During many in- and out-of-hospital resuscitation attempts less than half the time is devoted to chest compressions. Interrupting compressions reduces myocardial perfusion and is detrimental to the ultimate success of resuscitation. Maintaining uninterrupted chest compressions must be the first priority during cardiopulmonary resuscitation.
The relative importance of chest compressions, ventilation, and defibrillation during resuscitation must be adjusted for the context of the rescue situation and the personnel available.
When an arrest is witnessed, the arrest is likely to be of cardiac (rather than respiratory) cause, and advanced care will be available within a short time, closed chest compressions alone may be as efficacious as compressions and mouth-to-mouth ventilation.
Fluctuations in intrathoracic pressure play a significant role in blood flow during most resuscitations, and the cardiac pump mechanism contributes under some circumstances.
The critical myocardial blood flow is associated with aortic "diastolic" pressure exceeding 40 mm Hg.
Cardiac output is severely depressed during cardiopulmonary resuscitation (CPR), ranging from 10% to 33% of prearrest values in experimental animals. Nearly all of the cardiac output is directed to organs above the diaphragm.
During CPR, measurement of blood gases reveals an arterial respiratory alkalosis and a venous respiratory acidosis because the arterial PCO2 is reduced and the venous PCO2 is elevated.
Exhaled end-tidal CO2 is an excellent noninvasive guide to the effectiveness of standard CPR.
Immediate defibrillation is most effective if applied within 4 to 5 minutes of collapse. Otherwise, a brief period of 2 to 3 minutes of chest compressions before defibrillation may improve survival.
Amiodarone and lidocaine are used during cardiac arrest to aid defibrillation when ventricular fibrillation is refractory to electrical countershock therapy or when fibrillation recurs following successful conversion.
Outcome studies prospectively comparing standard and high-dose epinephrine have not demonstrated conclusively that higher doses will improve survival.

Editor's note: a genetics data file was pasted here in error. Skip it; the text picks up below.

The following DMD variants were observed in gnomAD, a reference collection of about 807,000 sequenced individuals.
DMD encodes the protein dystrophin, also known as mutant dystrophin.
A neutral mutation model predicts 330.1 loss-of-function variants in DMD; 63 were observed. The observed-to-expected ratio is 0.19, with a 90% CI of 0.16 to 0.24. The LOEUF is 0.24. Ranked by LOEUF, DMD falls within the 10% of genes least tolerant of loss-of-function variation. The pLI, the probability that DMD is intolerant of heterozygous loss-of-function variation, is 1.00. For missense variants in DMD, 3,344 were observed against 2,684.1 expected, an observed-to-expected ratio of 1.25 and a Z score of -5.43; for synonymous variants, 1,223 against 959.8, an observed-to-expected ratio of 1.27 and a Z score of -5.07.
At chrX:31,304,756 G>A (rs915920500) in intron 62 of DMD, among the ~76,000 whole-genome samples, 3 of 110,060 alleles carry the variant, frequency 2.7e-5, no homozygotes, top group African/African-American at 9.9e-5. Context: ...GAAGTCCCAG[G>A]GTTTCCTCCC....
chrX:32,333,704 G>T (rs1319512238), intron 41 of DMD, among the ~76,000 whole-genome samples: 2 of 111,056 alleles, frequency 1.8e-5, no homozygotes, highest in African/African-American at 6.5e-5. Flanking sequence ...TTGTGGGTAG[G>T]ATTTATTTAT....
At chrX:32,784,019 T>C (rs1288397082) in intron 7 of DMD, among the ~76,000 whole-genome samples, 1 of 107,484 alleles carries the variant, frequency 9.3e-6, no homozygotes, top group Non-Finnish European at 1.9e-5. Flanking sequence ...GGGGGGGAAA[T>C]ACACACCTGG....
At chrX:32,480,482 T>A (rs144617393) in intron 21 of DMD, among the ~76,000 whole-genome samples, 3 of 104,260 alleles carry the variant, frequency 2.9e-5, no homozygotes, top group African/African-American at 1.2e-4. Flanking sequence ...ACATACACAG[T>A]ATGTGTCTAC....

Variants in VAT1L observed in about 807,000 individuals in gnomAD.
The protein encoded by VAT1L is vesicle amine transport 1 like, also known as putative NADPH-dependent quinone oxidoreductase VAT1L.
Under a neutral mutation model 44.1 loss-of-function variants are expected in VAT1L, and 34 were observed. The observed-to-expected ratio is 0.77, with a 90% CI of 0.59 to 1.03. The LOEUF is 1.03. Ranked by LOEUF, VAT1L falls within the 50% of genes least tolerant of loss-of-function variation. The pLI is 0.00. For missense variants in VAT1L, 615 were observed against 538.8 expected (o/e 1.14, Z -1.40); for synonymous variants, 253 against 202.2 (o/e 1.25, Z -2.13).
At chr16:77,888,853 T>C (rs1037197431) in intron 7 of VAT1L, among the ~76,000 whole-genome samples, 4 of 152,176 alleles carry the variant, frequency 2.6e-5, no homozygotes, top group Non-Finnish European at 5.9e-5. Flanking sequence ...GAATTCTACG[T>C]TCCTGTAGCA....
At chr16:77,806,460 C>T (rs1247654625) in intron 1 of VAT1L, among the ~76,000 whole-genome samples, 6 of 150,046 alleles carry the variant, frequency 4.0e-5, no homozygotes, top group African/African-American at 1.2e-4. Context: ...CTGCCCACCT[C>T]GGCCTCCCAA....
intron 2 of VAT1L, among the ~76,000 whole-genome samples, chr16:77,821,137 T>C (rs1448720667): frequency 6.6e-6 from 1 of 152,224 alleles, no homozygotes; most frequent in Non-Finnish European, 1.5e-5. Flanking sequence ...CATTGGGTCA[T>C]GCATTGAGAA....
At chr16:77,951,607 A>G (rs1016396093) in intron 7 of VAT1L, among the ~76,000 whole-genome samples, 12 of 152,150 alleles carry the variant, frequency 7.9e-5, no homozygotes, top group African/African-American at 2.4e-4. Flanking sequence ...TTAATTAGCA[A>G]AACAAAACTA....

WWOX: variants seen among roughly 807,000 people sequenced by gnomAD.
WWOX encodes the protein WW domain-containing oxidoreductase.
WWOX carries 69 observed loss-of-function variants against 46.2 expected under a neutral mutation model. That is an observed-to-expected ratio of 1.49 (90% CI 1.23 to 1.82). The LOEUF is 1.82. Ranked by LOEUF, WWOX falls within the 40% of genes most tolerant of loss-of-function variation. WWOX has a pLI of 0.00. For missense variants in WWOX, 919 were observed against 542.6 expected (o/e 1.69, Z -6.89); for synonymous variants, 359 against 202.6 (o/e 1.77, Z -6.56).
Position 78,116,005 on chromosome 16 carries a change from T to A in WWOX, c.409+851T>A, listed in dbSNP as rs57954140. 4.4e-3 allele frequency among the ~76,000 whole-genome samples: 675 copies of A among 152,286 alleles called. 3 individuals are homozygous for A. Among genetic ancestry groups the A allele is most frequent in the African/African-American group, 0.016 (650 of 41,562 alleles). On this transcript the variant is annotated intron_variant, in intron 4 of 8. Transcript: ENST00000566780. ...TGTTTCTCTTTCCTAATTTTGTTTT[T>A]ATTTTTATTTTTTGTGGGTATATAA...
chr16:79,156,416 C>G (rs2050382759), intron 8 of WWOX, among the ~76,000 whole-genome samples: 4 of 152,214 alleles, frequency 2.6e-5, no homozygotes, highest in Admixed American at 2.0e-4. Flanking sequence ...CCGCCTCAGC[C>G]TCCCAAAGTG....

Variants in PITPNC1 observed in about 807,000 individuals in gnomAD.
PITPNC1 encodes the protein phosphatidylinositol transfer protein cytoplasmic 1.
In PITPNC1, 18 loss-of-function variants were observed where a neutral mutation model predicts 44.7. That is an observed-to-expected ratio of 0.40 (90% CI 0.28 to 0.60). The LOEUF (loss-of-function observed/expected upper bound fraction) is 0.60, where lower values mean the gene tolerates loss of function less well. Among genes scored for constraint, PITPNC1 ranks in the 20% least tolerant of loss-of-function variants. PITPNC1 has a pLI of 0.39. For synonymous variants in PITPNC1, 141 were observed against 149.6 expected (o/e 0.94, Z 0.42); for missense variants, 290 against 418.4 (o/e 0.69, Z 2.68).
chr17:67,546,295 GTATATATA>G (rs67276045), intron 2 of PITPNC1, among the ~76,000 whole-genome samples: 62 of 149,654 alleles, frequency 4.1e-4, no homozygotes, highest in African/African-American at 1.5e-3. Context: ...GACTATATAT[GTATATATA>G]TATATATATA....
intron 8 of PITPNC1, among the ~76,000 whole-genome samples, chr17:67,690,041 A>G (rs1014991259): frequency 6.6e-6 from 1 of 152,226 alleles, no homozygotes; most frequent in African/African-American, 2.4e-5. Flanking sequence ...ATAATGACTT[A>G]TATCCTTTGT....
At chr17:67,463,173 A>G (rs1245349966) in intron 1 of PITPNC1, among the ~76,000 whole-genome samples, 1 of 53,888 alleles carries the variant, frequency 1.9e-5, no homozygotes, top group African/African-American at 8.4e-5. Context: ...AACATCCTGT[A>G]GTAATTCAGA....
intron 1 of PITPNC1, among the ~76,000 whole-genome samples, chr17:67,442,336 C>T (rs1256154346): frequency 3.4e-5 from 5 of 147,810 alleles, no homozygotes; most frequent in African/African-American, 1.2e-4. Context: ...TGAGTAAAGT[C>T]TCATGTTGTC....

Evidence currently suggests that, like other potent vasopressors, vasopressin is equivalent to but not better than epinephrine for use during CPR.
In contrast to pharmacologic therapy, 2 studies demonstrate improved neurologic outcomes when mild therapeutic hypothermia (89.6°F-93.2°F [32°C-34°C]) is induced for 12 to 24 hours in cardiac arrest survivors who remained comatose after hospital admission.
In the hospital, resuscitation from cardiac arrest depends on the rapid response of a well-trained cardiopulmonary resuscitation (CPR) team that usually includes physicians, nurses, respiratory care providers, and pharmacists. The anesthesiologist is usually a team member and frequently is expected to be the team leader. The team must be coordinated and communicate readily. The goals of published CPR guidelines and widely taught courses in basic life support (BLS), advanced cardiac life support (ACLS), and pediatric advanced life support (PALS) are to provide the knowledge base and framework for effective teamwork.1 To function within the team, the anesthesiologist must be thoroughly familiar with ACLS protocols. Team leadership requires in-depth, current knowledge of physiology, pharmacology, and alternative CPR techniques. This chapter provides the scientific background on which current CPR practice is based. It focuses exclusively on cardiac arrest. ...